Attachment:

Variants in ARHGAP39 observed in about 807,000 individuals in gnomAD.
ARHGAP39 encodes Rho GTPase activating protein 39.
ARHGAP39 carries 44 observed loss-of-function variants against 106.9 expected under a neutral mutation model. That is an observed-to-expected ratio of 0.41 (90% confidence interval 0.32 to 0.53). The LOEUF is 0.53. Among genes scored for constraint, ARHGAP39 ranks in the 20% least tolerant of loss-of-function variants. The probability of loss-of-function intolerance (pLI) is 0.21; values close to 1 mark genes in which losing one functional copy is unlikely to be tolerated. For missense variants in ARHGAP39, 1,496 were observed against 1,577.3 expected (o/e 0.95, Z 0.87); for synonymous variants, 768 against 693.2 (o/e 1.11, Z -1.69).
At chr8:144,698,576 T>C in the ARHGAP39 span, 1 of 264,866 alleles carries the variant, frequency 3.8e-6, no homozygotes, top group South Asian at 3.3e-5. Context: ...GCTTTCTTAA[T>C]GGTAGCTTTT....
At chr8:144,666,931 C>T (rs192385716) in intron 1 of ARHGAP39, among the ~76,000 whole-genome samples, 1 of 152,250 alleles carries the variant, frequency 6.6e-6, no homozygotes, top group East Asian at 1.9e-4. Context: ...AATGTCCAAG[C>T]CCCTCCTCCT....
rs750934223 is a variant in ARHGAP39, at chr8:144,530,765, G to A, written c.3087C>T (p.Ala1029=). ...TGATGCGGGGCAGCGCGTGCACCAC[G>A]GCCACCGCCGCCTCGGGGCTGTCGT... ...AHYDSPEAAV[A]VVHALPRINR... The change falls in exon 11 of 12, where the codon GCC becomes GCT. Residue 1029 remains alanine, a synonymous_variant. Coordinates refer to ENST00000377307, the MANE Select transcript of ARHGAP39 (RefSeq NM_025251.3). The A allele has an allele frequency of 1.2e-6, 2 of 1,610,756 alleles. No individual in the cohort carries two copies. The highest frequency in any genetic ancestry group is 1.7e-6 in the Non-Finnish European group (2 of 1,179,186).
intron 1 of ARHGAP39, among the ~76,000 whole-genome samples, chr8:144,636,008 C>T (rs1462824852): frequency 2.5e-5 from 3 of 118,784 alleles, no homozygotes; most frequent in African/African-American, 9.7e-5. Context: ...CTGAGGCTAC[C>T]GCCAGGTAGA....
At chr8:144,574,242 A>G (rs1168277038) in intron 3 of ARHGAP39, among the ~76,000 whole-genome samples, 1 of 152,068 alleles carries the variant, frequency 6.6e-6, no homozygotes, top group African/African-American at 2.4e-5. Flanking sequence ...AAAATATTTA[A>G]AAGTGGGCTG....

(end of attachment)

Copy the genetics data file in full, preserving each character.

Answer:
Variants in ARHGAP39 observed in about 807,000 individuals in gnomAD.
ARHGAP39 encodes Rho GTPase activating protein 39.
ARHGAP39 carries 44 observed loss-of-function variants against 106.9 expected under a neutral mutation model. That is an observed-to-expected ratio of 0.41 (90% confidence interval 0.32 to 0.53). The LOEUF is 0.53. Among genes scored for constraint, ARHGAP39 ranks in the 20% least tolerant of loss-of-function variants. The probability of loss-of-function intolerance (pLI) is 0.21; values close to 1 mark genes in which losing one functional copy is unlikely to be tolerated. For missense variants in ARHGAP39, 1,496 were observed against 1,577.3 expected (o/e 0.95, Z 0.87); for synonymous variants, 768 against 693.2 (o/e 1.11, Z -1.69).
At chr8:144,698,576 T>C in the ARHGAP39 span, 1 of 264,866 alleles carries the variant, frequency 3.8e-6, no homozygotes, top group South Asian at 3.3e-5. Context: ...GCTTTCTTAA[T>C]GGTAGCTTTT....
At chr8:144,666,931 C>T (rs192385716) in intron 1 of ARHGAP39, among the ~76,000 whole-genome samples, 1 of 152,250 alleles carries the variant, frequency 6.6e-6, no homozygotes, top group East Asian at 1.9e-4. Context: ...AATGTCCAAG[C>T]CCCTCCTCCT....
rs750934223 is a variant in ARHGAP39, at chr8:144,530,765, G to A, written c.3087C>T (p.Ala1029=). ...TGATGCGGGGCAGCGCGTGCACCAC[G>A]GCCACCGCCGCCTCGGGGCTGTCGT... ...AHYDSPEAAV[A]VVHALPRINR... The change falls in exon 11 of 12, where the codon GCC becomes GCT. Residue 1029 remains alanine, a synonymous_variant. Coordinates refer to ENST00000377307, the MANE Select transcript of ARHGAP39 (RefSeq NM_025251.3). The A allele has an allele frequency of 1.2e-6, 2 of 1,610,756 alleles. No individual in the cohort carries two copies. The highest frequency in any genetic ancestry group is 1.7e-6 in the Non-Finnish European group (2 of 1,179,186).
intron 1 of ARHGAP39, among the ~76,000 whole-genome samples, chr8:144,636,008 C>T (rs1462824852): frequency 2.5e-5 from 3 of 118,784 alleles, no homozygotes; most frequent in African/African-American, 9.7e-5. Context: ...CTGAGGCTAC[C>T]GCCAGGTAGA....
At chr8:144,574,242 A>G (rs1168277038) in intron 3 of ARHGAP39, among the ~76,000 whole-genome samples, 1 of 152,068 alleles carries the variant, frequency 6.6e-6, no homozygotes, top group African/African-American at 2.4e-5. Flanking sequence ...AAAATATTTA[A>G]AAGTGGGCTG....